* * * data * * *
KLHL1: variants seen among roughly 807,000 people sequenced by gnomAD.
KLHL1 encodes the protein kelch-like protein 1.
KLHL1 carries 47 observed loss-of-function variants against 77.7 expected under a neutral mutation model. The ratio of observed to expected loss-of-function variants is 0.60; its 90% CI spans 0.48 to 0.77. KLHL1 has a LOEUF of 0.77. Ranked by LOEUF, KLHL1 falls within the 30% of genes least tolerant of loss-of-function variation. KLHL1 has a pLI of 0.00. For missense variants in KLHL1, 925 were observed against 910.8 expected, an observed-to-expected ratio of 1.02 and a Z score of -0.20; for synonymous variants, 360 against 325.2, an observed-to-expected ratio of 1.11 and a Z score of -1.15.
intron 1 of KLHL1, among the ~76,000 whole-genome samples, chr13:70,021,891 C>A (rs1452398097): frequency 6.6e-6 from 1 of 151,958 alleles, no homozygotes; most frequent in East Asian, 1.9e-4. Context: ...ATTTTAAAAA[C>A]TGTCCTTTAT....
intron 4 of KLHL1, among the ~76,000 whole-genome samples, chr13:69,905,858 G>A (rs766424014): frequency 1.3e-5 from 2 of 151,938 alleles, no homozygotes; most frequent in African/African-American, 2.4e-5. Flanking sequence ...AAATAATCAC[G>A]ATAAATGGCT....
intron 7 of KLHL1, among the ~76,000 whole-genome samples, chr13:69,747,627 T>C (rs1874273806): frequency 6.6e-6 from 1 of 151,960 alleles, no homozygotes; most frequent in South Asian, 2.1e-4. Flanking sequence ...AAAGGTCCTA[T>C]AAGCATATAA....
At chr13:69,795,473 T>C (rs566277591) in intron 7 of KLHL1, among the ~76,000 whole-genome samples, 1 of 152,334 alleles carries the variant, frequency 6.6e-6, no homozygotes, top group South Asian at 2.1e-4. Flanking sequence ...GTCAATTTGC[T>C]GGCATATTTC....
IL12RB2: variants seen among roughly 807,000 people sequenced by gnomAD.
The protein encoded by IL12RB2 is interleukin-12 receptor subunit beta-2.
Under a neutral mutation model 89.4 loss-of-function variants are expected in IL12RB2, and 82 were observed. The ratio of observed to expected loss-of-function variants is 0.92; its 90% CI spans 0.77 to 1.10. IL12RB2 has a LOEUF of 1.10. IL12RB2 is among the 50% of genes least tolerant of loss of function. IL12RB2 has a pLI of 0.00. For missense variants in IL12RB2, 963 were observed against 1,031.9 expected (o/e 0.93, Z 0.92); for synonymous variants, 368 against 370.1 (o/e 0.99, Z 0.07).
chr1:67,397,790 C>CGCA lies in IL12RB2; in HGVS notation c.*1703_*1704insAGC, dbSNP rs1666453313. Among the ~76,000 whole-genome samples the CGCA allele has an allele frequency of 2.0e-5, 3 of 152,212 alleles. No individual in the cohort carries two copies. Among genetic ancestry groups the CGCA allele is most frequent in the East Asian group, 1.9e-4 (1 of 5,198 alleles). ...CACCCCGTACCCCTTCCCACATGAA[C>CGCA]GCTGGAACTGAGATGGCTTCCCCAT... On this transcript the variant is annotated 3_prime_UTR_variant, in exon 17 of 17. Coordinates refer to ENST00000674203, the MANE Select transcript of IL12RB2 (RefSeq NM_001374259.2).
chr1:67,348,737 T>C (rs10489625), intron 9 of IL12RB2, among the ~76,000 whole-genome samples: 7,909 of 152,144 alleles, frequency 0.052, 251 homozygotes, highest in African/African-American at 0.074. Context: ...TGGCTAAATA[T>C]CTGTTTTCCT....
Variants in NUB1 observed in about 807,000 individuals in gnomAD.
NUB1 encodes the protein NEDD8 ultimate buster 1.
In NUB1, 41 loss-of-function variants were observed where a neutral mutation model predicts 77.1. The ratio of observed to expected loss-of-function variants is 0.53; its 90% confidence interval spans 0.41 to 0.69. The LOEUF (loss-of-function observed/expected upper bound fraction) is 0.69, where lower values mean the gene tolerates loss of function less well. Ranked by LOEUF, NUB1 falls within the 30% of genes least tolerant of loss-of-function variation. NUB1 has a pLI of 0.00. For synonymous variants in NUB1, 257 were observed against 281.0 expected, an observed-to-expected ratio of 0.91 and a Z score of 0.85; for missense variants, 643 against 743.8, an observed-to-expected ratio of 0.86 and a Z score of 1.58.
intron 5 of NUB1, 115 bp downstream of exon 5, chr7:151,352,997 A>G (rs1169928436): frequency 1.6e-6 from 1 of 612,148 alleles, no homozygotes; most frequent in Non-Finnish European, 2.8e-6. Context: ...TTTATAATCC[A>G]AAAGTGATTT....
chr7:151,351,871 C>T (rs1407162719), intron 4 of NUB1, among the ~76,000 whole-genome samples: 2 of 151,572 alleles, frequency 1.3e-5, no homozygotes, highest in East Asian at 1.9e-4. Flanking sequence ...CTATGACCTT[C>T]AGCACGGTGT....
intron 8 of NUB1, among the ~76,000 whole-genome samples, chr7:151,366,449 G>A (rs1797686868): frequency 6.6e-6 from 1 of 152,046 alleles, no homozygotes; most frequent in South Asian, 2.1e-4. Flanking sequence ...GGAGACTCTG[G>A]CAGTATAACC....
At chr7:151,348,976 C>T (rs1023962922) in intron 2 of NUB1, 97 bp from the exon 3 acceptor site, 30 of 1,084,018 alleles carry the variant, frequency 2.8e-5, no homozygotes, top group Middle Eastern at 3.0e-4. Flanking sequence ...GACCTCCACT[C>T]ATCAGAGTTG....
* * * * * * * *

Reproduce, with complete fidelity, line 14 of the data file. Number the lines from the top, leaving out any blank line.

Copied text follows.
NUB1 encodes the protein NEDD8 ultimate buster 1.